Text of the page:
Om Substance Use Disorders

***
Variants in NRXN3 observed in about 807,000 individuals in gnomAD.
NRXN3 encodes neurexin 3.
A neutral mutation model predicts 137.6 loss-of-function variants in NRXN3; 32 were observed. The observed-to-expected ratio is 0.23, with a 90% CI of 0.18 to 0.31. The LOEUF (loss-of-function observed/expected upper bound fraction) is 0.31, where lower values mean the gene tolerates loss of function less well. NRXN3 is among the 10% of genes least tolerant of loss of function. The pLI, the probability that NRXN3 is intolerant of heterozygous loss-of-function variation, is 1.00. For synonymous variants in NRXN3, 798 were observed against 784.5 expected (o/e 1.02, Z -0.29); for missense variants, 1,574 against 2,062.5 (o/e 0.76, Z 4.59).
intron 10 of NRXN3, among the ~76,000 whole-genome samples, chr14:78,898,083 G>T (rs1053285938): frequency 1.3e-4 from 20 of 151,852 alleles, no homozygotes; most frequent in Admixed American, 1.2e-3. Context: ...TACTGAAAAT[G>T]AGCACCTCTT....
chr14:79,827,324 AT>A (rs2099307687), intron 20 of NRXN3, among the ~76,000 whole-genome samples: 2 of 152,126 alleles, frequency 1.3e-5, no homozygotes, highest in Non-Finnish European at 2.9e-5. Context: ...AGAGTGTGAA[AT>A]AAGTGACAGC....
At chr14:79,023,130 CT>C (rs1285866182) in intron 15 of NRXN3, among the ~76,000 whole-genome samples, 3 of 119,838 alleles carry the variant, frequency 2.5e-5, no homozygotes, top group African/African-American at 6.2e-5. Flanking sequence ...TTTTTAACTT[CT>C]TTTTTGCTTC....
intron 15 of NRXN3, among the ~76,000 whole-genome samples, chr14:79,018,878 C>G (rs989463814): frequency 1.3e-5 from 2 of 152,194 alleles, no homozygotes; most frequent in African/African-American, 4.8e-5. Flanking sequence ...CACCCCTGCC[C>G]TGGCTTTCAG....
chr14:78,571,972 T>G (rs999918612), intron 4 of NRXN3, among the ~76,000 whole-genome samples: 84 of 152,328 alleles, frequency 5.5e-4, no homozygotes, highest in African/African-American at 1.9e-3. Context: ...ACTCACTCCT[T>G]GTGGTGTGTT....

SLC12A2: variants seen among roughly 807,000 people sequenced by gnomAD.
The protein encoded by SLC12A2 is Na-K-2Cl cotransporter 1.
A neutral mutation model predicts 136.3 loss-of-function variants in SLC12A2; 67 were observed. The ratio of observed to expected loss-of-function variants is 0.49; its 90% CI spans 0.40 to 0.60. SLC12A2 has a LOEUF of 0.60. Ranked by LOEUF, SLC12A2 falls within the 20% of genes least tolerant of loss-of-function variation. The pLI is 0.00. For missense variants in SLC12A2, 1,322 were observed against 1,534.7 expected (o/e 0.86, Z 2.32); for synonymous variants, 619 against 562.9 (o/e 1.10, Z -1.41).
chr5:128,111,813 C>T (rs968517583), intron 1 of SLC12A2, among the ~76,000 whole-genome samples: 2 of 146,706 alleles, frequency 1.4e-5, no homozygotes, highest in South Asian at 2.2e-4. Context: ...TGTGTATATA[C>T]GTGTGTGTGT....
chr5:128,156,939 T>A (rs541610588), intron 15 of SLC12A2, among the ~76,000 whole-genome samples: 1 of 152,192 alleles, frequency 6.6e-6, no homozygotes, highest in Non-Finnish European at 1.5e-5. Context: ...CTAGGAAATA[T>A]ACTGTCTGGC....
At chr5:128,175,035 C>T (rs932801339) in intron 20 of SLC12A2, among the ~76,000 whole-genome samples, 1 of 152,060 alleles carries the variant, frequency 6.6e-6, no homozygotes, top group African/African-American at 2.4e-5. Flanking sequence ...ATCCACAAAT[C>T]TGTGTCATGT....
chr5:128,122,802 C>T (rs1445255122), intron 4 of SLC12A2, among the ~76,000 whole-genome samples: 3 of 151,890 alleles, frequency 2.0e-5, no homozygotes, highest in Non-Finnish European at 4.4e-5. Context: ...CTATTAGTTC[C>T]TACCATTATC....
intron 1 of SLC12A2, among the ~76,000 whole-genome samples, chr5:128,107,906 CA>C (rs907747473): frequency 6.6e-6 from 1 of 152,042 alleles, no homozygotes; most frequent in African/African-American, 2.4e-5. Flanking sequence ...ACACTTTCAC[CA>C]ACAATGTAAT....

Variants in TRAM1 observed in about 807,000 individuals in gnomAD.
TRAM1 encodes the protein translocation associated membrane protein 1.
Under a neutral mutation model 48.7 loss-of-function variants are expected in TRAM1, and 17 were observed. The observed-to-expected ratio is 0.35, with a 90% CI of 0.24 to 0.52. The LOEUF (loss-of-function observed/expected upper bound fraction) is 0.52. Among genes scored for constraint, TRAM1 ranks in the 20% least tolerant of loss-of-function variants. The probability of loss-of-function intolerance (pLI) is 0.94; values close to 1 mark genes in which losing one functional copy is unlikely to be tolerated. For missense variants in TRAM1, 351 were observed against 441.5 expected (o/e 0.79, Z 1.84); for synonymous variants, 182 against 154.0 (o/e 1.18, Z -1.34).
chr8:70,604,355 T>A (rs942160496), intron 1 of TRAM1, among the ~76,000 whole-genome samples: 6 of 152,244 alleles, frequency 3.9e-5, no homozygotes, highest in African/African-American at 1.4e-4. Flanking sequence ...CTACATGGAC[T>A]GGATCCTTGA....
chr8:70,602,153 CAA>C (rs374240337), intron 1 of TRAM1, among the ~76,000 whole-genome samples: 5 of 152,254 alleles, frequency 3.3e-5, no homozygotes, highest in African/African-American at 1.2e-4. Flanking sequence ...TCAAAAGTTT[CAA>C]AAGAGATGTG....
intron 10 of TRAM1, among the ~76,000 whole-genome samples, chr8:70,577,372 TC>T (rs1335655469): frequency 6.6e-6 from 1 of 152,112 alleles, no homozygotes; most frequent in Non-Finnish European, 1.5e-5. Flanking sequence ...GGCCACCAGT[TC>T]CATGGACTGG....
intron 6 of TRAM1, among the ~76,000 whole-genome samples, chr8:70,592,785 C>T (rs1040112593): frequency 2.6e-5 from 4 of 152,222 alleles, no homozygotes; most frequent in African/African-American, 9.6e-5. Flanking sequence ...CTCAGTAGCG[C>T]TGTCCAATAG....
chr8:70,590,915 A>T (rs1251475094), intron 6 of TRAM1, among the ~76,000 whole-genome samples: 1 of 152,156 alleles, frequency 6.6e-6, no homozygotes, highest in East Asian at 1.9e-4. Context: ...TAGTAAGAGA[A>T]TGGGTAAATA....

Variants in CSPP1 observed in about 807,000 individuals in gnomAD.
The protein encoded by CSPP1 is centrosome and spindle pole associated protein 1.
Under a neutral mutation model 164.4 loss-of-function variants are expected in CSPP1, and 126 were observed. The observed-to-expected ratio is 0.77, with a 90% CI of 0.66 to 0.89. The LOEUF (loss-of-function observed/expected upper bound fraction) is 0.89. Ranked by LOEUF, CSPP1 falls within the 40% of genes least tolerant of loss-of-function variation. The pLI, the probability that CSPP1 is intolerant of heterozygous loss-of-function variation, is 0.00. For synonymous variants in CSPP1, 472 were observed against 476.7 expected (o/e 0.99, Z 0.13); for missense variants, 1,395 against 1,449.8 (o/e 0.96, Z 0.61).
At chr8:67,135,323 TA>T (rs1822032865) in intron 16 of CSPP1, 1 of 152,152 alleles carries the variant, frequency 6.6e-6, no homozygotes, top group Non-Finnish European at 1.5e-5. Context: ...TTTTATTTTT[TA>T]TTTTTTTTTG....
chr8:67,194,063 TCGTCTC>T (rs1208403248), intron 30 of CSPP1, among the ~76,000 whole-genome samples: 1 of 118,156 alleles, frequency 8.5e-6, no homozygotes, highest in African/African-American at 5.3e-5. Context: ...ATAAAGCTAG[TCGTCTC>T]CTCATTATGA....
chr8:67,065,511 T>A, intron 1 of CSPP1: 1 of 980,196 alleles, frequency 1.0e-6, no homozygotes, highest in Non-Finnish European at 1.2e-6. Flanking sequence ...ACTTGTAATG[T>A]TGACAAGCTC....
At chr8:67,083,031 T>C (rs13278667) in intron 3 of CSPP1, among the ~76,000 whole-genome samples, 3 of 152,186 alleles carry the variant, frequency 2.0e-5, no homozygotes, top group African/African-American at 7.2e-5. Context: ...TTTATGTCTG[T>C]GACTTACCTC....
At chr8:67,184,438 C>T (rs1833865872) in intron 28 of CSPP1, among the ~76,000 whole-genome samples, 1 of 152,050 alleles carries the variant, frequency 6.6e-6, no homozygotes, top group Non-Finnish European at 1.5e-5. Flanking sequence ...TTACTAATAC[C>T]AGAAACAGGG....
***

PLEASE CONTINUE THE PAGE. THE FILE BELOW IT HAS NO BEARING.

Substance use disorders (SUDs) are common among many patients with medical and psychiatric disorders. Professionals from all medical and behavioral health disciplines must address SUDs to provide optimal care to patients. Failure to do so may contribute to morbidity and mortality in cases of more severe substance dependence. This new volume in the Pittsburgh Pocket Psychiatry series provides a comprehensive overview of substance use disorders for medical students and psychiatric residents. It is aimed particularly at increasing student's knowledge and skills in addressing SUDs. The handy pocket-sized book focuses on those substances used, abused and leading to addiction and the clinical implications of SUDs. Epidemiology, etiology, classifications of SUDs, screening and assessment, and pharmacotherapy and psychosocial interventions are discussed alongside case histories illustrating the material covered. Questions for the reader stimulate thinking about specific cases and how the medical student or resident can help patients with SUDs. Additional chapters focus on problems caused or worsened by SUDs such as Hepatitis C, HIV/AIDS and co-occurring psychiatric disorders. Relapse and recovery are also explored given many patients with substance dependence relapse. Adolescents with SUDs, prevention and harm reduction interventions are also reviewed. The concept of rom SUDs is incorporated in many of the chapters. Medical, psychological, family and cultural aspects of addiction and recovery are addressed, providing the reader with a broad framework for understanding and helping patients with SUDs, as well as their families. An extensive list of online resources is provided that includes mutual support programs as well as professionals and organizations who offer helpful materials and programs for patients with SUDs. Contributing authors represent medicine, psychiatry, social work, psychology in diverse treatment settings. Many authors are also researchers and all are educators involved in mentoring medical students, residents, fellows and other health care professionals.